Of course, most of the books in the picture above are by well-known authors, and my personal policy is that I tend to review books with upwards of 100 ratings on my main author Goodreads account, which isn’t connected to my Amazon account (the Indie reader account that I run is connected to Amazon and I post all Indie reviews on Amazon too). Why do I do that and not post on Amazon for big names? For the simple reason that they already have thousands of reviews: I’d rather post reviews of Indie books on Amazon to help smaller, unknown authors to spread the word about their books. After all, that’s what I like other readers to do for me too. Writers are also readers, and as a literary community, can’t we all help to boost each other’s books? We can certainly try.

Are book reviews for readers or authors?

A couple of months ago, a writer connection of mine released her debut novel, which was speculative fiction. She had amassed a couple of dozen ARC reviews prior to release, all of which were four and five star ratings. Within her first week of launch, a three star review appeared and the author was gutted. She took to social media to discuss how she was having doubts that anyone would want to read her book, and that she was at a low point as a result. On a professional level, I felt that personally I don’t consider three stars a ‘bad’ rating. But on a personal note, I felt for her: what author doesn’t want only four and five star reviews?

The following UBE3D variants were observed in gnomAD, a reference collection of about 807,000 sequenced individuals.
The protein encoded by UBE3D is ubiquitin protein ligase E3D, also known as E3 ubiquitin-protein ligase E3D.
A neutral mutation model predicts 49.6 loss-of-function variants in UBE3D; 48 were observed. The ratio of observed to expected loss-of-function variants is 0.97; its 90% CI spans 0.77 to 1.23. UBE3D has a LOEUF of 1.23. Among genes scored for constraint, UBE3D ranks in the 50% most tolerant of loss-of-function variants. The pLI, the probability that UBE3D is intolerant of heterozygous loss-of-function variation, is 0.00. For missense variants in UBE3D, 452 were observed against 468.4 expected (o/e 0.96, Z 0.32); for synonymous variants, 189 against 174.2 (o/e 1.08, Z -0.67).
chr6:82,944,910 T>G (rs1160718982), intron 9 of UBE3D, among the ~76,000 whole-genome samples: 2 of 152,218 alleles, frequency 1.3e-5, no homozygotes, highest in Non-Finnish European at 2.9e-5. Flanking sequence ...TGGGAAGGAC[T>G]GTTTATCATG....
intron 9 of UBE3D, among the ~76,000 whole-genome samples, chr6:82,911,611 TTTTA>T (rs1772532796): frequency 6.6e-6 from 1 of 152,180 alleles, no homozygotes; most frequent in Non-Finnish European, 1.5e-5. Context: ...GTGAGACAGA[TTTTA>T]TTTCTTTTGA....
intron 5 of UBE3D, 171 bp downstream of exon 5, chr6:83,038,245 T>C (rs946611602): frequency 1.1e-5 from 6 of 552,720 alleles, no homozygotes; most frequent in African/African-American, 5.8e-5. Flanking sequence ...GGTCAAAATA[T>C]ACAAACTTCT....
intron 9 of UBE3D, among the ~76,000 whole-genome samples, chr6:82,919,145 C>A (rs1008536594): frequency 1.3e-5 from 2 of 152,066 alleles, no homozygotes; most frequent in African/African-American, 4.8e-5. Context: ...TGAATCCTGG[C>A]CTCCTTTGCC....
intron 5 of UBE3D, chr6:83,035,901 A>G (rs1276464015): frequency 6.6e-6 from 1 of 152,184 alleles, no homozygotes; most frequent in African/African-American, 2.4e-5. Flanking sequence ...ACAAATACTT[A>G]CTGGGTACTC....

But are reviews for authors?

Yes and no. Let’s start with ‘yes’. Good reviews, as in four and five stars, give an author validation that they have written a story that customers want to read. Critical reviews, as in three stars, show authors how their book was received, and a reader’s opinion can sometimes be different from what they, as a writer, might have been thinking.

So let’s look at ‘no’, and start with bad reviews, as in one and two stars. I’d read in some articles on the topic of reviews that authors shouldn’t read negative reviews. To be honest, I think negative reviews say more about the reviewer than the book they are reviewing; especially if they are offended by something in the story. Negative reviews serve readers more than authors. They help readers decide whether or not to bother buying a book. So long as the negative reviews aren’t about typos or plot holes in any given book, then I’d say they are there to help readers decide, ‘is this book for me, or not?’.

Personally, I think that even if reviews are positive, they are still there for readers, not authors. They serve to help other readers decide whether a book would suit their tastes, or not. Poor or critical reviews also help readers decide if a book may be a worthwhile investment of both time and money. Unless reviews are intentionally malicious, either by a reviewer with a personal grudge against the writer, or in a blackmail attempt (there’s an article about extortion scams here) most reviews are not aimed at attacking an author personally, or vilifying a book; they’re one person’s opinion on whether they liked a book or not and should be taken as such.